Principal Deputy High Representative and Brčko District Supervisor Michael Scanlan met yesterday in Brčko with Mayor and Deputy Mayor, Siniša Milić and Anto Domić, and the District Assembly Speaker and Deputy Speaker, Esed Kadrić and Ivo Filipović, as well as President of the “STUDEN & CO Holding” Board Ilija Studen, Acting Director of the District Public Property Management Office Jelena Duvnjak, Deputy Director of the Brčko Port Alija Osmanbašić, and Director of the “Vermont” Youth Centre Damir Radenković.
The Supervisor welcomes Brčko joining the Covenant of Mayors for Climate and Energy to access the UNDP co-founding to retrofit Brčko’s 187 public buildings to be energy efficient. This will reduce the carbon footprint of the community while also resulting in lower utility charges that will free-up public funds to address other needs of the District. If the authorities submit the relevant assessment in July, and use the budget rebalance wisely, the retrofitting of two public buildings can begin this September.
Last week, the long-awaited project to modernise the facilities and crane at the Brčko Port, as well as optimise the road and railway access to the port, was launched. The project, funded by the EBRD and the EU, will bring concrete benefits to the local community and to the entire country, added the Supervisor. Renovation work in the port should be visible in September.
If the government moves quickly, this September the residents of Brčko will also see work begin on the business zone in Brod. This is an output of the public-private Brčko – “Studen & Co Holding” initiative to make the District a more appealing environment in which to invest and grow the private sector by ensuring transparent permitting processes, a service-oriented public administration, and quality infrastructure.
“However, none of these reforms in and of themselves ensure the prosperity of Brčko District. Prosperity requires rapid progress across the board on initiatives that promote good governance, infrastructure development, and the growth of the private sector.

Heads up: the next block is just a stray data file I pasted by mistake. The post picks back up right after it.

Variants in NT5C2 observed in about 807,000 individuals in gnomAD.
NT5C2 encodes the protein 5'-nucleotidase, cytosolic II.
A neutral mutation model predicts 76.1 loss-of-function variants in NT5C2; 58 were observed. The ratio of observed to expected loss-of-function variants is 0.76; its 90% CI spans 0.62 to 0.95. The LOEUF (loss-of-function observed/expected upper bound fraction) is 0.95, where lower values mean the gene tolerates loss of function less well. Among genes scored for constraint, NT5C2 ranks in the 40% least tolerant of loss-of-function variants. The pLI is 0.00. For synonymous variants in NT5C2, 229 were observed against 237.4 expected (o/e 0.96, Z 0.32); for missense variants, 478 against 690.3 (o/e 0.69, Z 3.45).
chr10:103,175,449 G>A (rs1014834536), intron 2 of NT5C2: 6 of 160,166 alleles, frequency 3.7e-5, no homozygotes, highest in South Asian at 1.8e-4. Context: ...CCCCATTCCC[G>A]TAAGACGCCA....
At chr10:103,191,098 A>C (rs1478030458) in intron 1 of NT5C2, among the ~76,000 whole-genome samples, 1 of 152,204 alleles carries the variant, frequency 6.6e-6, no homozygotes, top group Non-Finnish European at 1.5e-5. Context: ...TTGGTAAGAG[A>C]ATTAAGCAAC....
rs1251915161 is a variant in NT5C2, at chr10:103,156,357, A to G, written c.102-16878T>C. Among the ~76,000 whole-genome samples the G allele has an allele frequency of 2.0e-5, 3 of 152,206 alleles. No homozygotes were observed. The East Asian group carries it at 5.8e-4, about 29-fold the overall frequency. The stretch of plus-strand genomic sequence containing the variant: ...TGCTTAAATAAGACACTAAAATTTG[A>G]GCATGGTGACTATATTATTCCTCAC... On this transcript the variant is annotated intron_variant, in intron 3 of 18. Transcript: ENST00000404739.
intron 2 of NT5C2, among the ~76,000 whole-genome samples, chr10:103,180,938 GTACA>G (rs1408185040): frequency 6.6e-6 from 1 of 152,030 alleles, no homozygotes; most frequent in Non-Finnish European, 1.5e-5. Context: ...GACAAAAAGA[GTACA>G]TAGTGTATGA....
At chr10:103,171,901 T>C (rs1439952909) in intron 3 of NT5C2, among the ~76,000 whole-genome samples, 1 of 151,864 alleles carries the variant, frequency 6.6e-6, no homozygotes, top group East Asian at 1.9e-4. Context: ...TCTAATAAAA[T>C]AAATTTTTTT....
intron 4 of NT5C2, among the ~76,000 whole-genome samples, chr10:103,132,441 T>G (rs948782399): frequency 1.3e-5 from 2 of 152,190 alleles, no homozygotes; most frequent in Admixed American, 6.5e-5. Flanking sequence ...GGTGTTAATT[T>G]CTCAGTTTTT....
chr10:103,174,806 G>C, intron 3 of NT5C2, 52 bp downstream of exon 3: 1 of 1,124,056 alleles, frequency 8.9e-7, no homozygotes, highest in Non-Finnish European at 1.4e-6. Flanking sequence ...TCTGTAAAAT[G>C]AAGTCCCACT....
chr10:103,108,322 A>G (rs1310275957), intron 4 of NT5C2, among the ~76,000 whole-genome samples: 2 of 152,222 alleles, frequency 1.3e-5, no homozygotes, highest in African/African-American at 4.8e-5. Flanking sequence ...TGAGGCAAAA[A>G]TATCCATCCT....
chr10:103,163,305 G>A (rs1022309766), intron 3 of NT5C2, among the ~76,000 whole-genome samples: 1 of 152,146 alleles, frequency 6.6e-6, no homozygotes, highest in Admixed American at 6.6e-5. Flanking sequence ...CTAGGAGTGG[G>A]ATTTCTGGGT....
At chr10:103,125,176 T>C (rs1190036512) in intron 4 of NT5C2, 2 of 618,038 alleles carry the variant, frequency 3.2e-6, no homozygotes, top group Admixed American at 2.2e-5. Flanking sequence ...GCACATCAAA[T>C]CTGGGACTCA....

This September, we will see if this is to be the case, including with the draft legislation that OSCE Ambassador Kavalec and I referenced in our respective press releases earlier this month. I will visit the District every two weeks to assess the progress on these initiatives,” added the Supervisor.
Looking forward, the Supervisor noted that the governing institutions gain their trust from the people based on the confidence the people have in the elections, and in the laws that guide their officials in their governance of the community. Brčko District is no different.
In that context, the Supervisor underscored the importance of cleaning up the voter registry. It stands to reason that a community’s voter list cannot exceed the census of its population, especially keeping in mind that 10-15% of the population are minors, the Supervisor added.
As for the laws guiding governance, there is no more important law needed then an EU-standard law on conflict of interest. The OHR, OSCE and the EU stand ready to assist a Brčko government working group to move quickly on this front as it should be one of the first laws adopted by the newly elected District Assembly.
Holding a position in the Assembly or the Government is an opportunity to serve the community, and the law must be clear that those are the only interests that can guide actions of officials, including containing penalties if the public trust is violated. It is hard to imagine that anyone running for public office would not support this, concluded the Supervisor.